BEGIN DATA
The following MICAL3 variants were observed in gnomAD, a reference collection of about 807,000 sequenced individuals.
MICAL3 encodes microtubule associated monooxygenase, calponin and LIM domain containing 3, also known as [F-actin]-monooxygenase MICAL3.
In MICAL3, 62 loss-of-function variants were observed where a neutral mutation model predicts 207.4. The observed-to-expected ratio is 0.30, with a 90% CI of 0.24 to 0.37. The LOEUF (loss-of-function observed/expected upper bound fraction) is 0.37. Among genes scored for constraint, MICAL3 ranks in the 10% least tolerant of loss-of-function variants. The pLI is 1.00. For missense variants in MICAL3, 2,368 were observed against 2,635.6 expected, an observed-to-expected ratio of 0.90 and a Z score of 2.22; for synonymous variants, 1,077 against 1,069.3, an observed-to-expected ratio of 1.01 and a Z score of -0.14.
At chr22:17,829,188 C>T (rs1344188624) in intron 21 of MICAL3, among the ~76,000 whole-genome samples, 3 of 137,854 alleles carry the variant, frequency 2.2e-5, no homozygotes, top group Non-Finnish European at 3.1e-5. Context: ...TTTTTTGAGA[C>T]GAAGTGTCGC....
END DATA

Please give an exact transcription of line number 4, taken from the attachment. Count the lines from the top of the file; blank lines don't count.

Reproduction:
At chr22:17,829,188 C>T (rs1344188624) in intron 21 of MICAL3, among the ~76,000 whole-genome samples, 3 of 137,854 alleles carry the variant, frequency 2.2e-5, no homozygotes, top group Non-Finnish European at 3.1e-5. Context: ...TTTTTTGAGA[C>T]GAAGTGTCGC....